NHPD applications see late spike

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Photo by James Lu.

The New Haven Police Department saw a late surge in applicants for its new class of cops Monday, a major bump in the department’s ongoing attempts to expand its ranks.

Though applications for a new 45-person class of officers closed at 5 p.m. Monday, a line of candidates were still waiting outside the NHPD’s Union Avenue headquarters for processing at 5:30 p.m. The lingering line testified to a late surge in applicants that saw more than 700 submissions, according to NHPD spokesman David Hartman, who added the number exceeded expectations and represented a particularly strong showing after only a “very discouraging” 200 had applied before last Friday.

“I think we probably would have liked [the number of applicants] to be a little higher,” said Richard Epstein, the chairman of the Board of Police Commissioners, on Monday night. “But the quality is going to be more important than the quantity.”

The NHPD was concerned last week because it had only received “slightly over 200” applicants by Thursday, a “terrible number” given recruitment efforts kicked off Oct. 31, Hartman said. Applicants trickled in through the day Friday and by day’s end the department had over 400 applicants; then, on Monday over 300 put in their applications, bringing the final total to “between 700 and 750,” he added.

This is the first time the NHPD recruit application has been available electronically, but applicants must submit their forms in person at NHPD headquarters, so many applicants may have put off submission to the last moment, Hartman explained.

“When was the last time you handed a paper in two weeks before deadline?” asked Elizabeth Benton, who is serving as City Hall spokesperson in Adam Joseph’s absence.

Epstein agreed that the late torrent of applications occurred because “people procrastinate,” but noted that the total applicant numbers were lower than in some past recruits.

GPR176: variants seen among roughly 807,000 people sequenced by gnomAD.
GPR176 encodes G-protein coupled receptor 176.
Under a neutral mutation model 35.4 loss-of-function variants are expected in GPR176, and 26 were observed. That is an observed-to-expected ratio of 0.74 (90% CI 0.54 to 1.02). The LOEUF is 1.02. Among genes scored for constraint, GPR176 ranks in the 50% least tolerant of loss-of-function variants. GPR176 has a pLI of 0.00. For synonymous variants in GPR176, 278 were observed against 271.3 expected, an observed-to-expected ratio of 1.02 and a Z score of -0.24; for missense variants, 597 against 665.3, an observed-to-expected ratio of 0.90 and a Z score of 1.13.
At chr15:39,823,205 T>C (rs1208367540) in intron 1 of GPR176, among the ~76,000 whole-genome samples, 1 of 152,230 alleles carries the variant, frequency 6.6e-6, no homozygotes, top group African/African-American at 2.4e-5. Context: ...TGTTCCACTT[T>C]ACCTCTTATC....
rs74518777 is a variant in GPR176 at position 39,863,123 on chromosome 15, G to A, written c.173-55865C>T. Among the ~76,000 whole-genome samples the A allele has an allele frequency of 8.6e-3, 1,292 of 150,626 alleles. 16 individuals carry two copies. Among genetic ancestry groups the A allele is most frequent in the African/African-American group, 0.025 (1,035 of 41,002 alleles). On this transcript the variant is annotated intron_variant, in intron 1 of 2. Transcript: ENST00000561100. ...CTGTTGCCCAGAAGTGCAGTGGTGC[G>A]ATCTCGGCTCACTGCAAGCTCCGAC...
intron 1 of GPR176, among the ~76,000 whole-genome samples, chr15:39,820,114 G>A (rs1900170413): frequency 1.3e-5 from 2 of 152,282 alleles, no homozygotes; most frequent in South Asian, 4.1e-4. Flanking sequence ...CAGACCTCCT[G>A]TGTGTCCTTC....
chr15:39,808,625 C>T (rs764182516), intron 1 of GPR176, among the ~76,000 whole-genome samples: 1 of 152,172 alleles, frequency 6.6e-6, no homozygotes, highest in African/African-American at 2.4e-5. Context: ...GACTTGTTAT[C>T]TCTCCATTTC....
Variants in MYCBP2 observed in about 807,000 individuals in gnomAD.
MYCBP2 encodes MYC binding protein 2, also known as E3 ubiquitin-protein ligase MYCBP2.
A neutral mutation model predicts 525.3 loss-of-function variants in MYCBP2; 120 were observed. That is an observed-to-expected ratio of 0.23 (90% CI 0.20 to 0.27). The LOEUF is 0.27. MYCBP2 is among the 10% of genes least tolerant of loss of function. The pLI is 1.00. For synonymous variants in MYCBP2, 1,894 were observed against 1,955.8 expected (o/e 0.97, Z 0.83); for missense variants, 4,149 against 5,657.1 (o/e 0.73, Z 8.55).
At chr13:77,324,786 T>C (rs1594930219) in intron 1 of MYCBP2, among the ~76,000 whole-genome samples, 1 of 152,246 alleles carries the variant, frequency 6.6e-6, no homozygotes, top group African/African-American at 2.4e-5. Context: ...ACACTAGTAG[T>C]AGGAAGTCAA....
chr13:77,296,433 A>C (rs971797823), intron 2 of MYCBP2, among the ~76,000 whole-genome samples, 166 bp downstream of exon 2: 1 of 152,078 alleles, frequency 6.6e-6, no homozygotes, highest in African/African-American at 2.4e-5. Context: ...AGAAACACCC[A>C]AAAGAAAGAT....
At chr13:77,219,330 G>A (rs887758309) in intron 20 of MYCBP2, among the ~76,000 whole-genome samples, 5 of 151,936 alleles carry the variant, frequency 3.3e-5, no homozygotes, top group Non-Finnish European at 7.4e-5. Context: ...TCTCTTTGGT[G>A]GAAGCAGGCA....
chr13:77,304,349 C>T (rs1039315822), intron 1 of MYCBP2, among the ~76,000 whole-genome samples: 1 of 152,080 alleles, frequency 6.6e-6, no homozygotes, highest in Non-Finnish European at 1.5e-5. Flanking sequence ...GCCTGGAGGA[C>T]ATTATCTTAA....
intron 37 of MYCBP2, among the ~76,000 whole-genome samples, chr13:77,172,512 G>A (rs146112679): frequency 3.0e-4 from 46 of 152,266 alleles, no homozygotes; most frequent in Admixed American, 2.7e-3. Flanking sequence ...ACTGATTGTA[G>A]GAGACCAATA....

The current recruit round’s 700 plus applicants was “on par” in number with the previous round of applications, which took place in early 2007, Benton said. But Epstein said this year’s numbers fall short of the “over 1,000” applicants the department has received at times in the past decade.

Epstein said he did not know the reason for the decline in applicants, though he said he thought that “maybe it’s a less attractive industry” because of perceptions of dangers on the job.

Hartman said he would have expected applicant numbers to be “quite high” given the sluggish economy and difficulties of obtaining employment as lucrative as the NHPD’s — recruits will earn a yearly salary of $40,626, according to the NHPD’s officer application form.

But the difficulty of NHPD training combined with the precariousness of public sector jobs amid ubiquitous budget cuts may have deterred candidates, Hartman said.

“Who wants to go through the rigors of police academy and the physical agility requirements to find that you’re the last one hired in your class [and therefore] the first subjected possibly to layoffs?” Hartman said.

Potential applicants may have also been deterred by the layoffs of 16 NHPD officers in February, he added.

The NHPD is not the only police department in the Elm City looking to expand. Since the University is expanding, particularly with construction of two new residential colleges slated for as early as 2014, the Yale Police Department is looking to add to its ranks, Assistant Chief Michael Patten said, adding that exact numbers have not yet been determined.

The YPD and NHPD currently have 87 and 412 officers, respectively.

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